Closing down futures in the world's most vulnerable regions? How dominant policy practices limit scenario possibilities

Futuristic roundabout in Burkina Faso
Ouagadougou, Burkina Faso: Rond-point des Cineastes. Photo: mtcurado/iStock

How does the way in which we imagine the future impact choices in the present? This question is at the core of new Utrecht University-led research published in Global Environmental Change. The study analysed the range of methods employed by governments across the Global South to anticipate the future in climate policy processes. “We demonstrate that how the future is envisioned either open ups or restricts possibilities for present-day action,” says lead author Karlijn Muiderman.

Anticipating the Uncertain Climate Future

In the face of an uncertain climate future, governments worldwide increasingly employ various techniques such as scenarios and visioning to anticipate and prepare for potential outcomes. The insights gained from these processes are then used to inform present-day actions, including the formulation of climate policies. "Our research explores how these assumptions about the future shape climate action and governance," explains lead author Karlijn Muiderman, who carried out this work as part of her PhD and is now employed as a researcher at the Netherlands Institute for Social Research.

While studying governance practices in West Africa, South Asia, Southeast Asia and Central America, Muiderman and her colleagues observed a range of methods employed by governments to anticipate the future. They highlight that the manner in which future scenarios are envisioned can either broaden or restrict possibilities for present-day action.

How the future is envisioned either open ups or restricts possibilities for present-day action

"Governments often focus on the probability of specific scenarios occurring, enabling them to plan policies that mitigate risks," explains Joost Vervoort, Associate Professor at the Copernicus Institute and co-author of the study. But this approach comes with challenges. These analyses are usually carried out by actors who currently enjoy a position of power, meaning that current-day power structures are embedded in the methods that are used to anticipate the future. “The result is that more radically divergent futures, as well as more vulnerable perspectives, are often excluded from anticipation, and thus from the planning of the future”.

Embracing Diverse Worldviews for Open Governance

The research team refers to this narrowing of perspectives as the "closing down" of governance processes, even while claiming that these processes are being opened up. This often perpetuates the dominance of Global North worldviews and reflects a political imaginary rooted in Western capitalist societies. “Alternative, non-western worldviews are often disregarded when imagining future possibilities,” says Muiderman.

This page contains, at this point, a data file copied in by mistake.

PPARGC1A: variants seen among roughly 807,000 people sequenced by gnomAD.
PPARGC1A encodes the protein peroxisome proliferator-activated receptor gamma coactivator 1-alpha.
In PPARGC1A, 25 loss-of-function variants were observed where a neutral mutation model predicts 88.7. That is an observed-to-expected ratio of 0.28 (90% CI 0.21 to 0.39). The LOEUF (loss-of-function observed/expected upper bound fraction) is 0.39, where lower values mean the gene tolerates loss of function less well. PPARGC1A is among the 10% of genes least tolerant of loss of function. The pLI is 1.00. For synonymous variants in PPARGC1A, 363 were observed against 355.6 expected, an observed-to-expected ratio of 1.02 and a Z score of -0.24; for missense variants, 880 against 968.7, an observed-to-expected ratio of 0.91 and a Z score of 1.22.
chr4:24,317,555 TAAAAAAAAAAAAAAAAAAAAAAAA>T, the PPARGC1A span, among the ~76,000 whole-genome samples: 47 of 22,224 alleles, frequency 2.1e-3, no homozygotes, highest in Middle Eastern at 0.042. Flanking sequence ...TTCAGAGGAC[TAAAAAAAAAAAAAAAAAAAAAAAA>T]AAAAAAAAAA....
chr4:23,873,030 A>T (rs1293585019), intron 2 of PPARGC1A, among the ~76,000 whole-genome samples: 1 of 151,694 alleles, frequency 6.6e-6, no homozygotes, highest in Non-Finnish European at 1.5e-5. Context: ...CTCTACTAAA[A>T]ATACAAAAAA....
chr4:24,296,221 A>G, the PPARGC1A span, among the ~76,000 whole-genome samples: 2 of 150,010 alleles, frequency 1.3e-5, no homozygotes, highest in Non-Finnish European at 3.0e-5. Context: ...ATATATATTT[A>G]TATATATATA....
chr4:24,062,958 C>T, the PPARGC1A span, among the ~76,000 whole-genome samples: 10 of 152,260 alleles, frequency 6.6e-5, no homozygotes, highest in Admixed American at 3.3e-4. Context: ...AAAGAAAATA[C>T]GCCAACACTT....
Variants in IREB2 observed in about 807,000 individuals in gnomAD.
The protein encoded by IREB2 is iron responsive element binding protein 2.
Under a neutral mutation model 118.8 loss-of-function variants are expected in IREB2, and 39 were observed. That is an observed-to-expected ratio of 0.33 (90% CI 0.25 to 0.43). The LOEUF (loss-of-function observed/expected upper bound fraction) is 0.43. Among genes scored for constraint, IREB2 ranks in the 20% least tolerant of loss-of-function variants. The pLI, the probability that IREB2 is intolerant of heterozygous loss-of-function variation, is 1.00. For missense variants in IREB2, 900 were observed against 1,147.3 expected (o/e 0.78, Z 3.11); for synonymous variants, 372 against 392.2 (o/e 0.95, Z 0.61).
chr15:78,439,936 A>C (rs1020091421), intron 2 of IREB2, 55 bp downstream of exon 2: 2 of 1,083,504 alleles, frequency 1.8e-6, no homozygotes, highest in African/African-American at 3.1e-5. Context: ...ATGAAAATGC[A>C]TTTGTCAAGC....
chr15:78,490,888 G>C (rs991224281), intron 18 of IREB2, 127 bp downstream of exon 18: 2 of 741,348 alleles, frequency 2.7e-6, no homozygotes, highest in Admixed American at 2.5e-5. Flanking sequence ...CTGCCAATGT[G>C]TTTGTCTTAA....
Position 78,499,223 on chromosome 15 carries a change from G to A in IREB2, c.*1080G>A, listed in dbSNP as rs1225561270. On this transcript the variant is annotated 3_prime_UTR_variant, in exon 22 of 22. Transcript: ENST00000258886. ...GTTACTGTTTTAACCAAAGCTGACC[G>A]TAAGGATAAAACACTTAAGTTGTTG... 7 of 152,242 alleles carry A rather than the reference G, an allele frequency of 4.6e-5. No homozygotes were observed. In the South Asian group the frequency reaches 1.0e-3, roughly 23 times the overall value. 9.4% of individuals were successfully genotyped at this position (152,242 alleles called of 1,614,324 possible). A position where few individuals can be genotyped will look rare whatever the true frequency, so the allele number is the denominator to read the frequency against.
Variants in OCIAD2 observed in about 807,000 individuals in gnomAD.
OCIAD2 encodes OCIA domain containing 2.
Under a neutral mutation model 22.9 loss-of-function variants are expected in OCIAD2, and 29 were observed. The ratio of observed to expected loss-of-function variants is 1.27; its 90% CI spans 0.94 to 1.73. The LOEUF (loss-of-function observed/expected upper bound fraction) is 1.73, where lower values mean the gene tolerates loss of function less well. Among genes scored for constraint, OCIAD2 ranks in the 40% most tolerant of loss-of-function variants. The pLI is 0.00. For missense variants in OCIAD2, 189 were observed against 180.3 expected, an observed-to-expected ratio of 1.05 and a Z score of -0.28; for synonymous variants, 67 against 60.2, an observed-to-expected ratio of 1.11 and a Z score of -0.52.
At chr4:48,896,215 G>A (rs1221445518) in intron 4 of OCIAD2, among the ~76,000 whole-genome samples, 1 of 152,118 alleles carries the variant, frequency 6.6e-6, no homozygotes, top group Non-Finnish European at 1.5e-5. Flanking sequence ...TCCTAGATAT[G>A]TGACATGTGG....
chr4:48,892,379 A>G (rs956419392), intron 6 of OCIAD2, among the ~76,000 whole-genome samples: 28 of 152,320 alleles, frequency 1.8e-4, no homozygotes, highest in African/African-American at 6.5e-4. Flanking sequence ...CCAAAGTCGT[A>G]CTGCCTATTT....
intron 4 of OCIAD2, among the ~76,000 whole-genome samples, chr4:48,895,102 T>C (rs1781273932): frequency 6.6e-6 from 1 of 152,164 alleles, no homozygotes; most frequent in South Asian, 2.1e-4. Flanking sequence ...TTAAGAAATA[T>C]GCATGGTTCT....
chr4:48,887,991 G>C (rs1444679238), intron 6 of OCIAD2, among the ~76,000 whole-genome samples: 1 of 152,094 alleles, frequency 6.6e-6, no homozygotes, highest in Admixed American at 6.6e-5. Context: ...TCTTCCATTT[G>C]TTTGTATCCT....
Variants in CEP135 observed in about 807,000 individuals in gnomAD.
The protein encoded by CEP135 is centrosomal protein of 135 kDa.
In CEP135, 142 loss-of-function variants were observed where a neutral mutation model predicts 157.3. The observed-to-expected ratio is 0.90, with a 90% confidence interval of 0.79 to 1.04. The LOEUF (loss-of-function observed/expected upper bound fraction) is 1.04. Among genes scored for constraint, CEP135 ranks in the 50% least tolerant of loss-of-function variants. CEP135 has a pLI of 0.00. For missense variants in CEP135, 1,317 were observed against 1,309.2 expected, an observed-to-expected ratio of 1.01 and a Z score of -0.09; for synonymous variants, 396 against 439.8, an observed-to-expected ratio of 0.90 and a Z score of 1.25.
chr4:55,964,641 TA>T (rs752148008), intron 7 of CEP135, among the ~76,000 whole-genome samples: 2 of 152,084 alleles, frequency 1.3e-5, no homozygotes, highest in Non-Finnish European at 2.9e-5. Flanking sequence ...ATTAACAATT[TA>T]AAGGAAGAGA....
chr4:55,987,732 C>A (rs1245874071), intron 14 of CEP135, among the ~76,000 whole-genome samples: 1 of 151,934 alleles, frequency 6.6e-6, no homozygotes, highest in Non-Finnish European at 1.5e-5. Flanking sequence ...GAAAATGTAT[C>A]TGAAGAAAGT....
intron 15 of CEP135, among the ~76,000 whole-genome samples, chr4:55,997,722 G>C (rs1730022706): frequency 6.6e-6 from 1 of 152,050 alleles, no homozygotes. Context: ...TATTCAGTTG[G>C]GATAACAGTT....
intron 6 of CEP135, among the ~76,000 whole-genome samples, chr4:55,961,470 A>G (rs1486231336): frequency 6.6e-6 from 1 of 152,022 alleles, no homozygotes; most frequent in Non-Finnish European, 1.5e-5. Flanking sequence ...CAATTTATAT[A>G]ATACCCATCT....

Conversely, the researchers argue that embracing a diversity of worldviews, including radical alternatives to the status quo, in the process of imagining possible futures can broaden governance processes instead of constricting them. By doing so, the detrimental lock-in effect associated with the "closing down" can be avoided. "Including diverse perspectives and exploring alternative futures allows us to move beyond the limitations of current power structures and Western political paradigms,” Muiderman explains.

More radically divergent futures, as well as more vulnerable perspectives, are often excluded from anticipation, and thus from the planning of the future

She illustrates the difference with an example. “In South Asia, all but one of the cases we studied were funded, designed and run by consortia of foreign institutions. As a result, we saw that these countries were very technocratic and focused on risk reduction.” This was very different in Costa Rica: “Here, the anticipation process was carefully created to involve local perspectives. As a result, more radically transformative visions of the future could become part of Costa Rican dialogue.”

Towards open and inclusive governance processes

The way in which we imagine the future has a profound impact on the choices we make in the present. The study serves as a valuable contribution to advancing the understanding of this critical interplay between future imagination and decision-making. “To ensure sustainable governance, it is essential to recognize the potential bias and limitations of current future anticipation methods,” says Muiderman. “By embracing a plurality of worldviews and actively incorporating radical alternatives, policymakers can foster open and inclusive governance processes that are better equipped to address the complex challenges of the present and future, irrespective of geographical location or cultural context”.


Muiderman, K., Vervoort, J., Gupta, A., Norbert-Munns, R. P., Veeger, M., Muzammil, M., & Driessen, P. (2023). Is anticipatory governance opening up or closing down future possibilities? Findings from diverse contexts in the Global SouthGlobal Environmental Change81, 102694.